Nature is not natural and can never be naturalized — Graham Harman

Sunday, December 18, 2011

Music Therapy and OOO

I heard an interesting show about music therapy on the radio a couple of days ago. Both my parents are professional musicians so I was keen to think about it.

I was thinking about how it worked—how music can have such an impact on the brain. I've been writing about causality and my view is that something can change, destroy or deeply impact something else when it becomes formally very regular. An earthquake is a more regular than normal oscillation of tectonic plates. A stroke is a weirdly regular brain wave pattern.

I was wondering whether the stacking of music, suggestion, lyrics and memory on top of one another in music therapy was what had such an impact. That it's the synchronization of many objects that has this effect, holding the mind and allowing new connections to be established.

1 comment:

Bill Benzon said...

But the brain IS music, or pretty nearly. Some Parkinson's patients can walk to music but are immobile without it, as though music supplied the movement information no longer conveyed by the nervous system.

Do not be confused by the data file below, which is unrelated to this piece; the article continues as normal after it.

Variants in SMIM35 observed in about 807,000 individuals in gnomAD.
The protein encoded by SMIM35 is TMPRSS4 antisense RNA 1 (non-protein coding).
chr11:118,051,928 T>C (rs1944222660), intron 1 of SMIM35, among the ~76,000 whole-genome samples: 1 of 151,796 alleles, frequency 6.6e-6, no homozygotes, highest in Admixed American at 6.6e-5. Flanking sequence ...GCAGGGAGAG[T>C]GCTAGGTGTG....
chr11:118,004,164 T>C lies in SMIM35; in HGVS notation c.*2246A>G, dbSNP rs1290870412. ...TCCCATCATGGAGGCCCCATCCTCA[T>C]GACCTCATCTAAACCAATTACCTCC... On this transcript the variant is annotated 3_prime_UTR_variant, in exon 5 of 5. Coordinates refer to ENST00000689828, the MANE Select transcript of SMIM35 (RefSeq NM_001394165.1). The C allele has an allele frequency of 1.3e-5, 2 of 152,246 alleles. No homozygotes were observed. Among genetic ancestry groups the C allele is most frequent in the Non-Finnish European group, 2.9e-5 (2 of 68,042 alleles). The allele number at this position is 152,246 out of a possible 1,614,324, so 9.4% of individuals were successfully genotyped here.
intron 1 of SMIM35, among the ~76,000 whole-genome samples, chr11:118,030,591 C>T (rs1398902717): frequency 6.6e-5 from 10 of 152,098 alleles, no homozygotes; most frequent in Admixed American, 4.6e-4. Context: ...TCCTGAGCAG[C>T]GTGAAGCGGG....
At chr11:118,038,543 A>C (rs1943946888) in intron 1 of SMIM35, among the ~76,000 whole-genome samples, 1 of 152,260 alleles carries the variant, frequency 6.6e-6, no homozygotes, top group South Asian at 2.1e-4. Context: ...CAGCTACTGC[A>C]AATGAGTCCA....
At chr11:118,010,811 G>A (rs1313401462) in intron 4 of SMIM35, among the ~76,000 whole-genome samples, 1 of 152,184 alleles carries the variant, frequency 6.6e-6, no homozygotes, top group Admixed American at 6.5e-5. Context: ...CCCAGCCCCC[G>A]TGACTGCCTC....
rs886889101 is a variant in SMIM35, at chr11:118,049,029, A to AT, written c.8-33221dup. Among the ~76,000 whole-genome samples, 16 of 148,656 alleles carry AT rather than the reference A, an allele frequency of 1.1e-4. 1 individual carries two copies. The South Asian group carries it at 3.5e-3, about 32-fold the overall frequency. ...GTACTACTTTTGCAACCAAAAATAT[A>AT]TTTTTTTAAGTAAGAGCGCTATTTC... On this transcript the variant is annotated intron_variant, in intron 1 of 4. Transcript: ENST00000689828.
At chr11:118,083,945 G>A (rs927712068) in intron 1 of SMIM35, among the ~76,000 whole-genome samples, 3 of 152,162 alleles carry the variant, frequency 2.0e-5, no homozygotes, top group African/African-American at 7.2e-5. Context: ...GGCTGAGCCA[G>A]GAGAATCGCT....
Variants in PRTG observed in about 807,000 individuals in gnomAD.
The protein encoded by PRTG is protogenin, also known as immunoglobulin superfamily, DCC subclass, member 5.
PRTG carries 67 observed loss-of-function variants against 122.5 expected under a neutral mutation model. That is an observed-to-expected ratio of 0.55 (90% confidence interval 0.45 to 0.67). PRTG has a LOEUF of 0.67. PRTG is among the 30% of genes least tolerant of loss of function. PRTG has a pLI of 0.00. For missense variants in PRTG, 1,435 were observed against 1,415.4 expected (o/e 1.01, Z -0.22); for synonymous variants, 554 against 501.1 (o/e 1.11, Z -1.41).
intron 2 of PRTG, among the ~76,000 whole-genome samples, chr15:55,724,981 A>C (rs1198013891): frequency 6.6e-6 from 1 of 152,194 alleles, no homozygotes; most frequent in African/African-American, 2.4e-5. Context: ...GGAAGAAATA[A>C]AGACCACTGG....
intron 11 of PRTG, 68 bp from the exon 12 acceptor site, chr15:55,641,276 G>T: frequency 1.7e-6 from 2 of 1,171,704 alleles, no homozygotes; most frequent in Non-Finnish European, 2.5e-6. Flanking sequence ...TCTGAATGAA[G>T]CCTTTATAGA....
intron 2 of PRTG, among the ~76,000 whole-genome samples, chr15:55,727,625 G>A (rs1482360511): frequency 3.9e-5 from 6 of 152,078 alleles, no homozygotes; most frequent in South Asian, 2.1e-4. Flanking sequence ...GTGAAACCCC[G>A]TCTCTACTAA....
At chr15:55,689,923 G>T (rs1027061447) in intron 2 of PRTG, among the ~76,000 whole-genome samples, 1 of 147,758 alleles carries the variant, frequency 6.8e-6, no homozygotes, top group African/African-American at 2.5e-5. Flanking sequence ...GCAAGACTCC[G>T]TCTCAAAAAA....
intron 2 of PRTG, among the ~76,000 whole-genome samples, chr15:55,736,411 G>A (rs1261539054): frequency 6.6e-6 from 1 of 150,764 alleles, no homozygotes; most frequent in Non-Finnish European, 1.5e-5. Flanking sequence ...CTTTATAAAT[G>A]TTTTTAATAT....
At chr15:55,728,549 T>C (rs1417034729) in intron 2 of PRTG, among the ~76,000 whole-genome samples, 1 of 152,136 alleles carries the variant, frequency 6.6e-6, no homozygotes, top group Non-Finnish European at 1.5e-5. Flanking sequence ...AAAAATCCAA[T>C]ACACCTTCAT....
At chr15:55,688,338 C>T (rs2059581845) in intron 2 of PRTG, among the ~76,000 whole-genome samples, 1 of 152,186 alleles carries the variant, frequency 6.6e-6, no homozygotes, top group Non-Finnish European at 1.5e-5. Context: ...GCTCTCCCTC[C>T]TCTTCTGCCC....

Here's a tech report I wrote with a music therapist, David Ramsey: Musical Coupling: Social and Physical Healing in Three Disabled Patients:

AbstractSome important aspects of physiological function can be conceptualized as a system of coupled oscillators. In a similar fashion, coupled oscillation can be used to understand musical interaction between individuals. The looping circuitry of individual nervous systems can be thought of as a bank of oscillators while musical sound provides the coupling function linking individuals together in a very satisfying form of social interaction. By providing severely disabled patients with simple piezoelectric triggers they can play electronic musical instruments well enough to join together in making music that is satisfying to them and to others as well. This article discusses three such patients and suggests avenues for future research.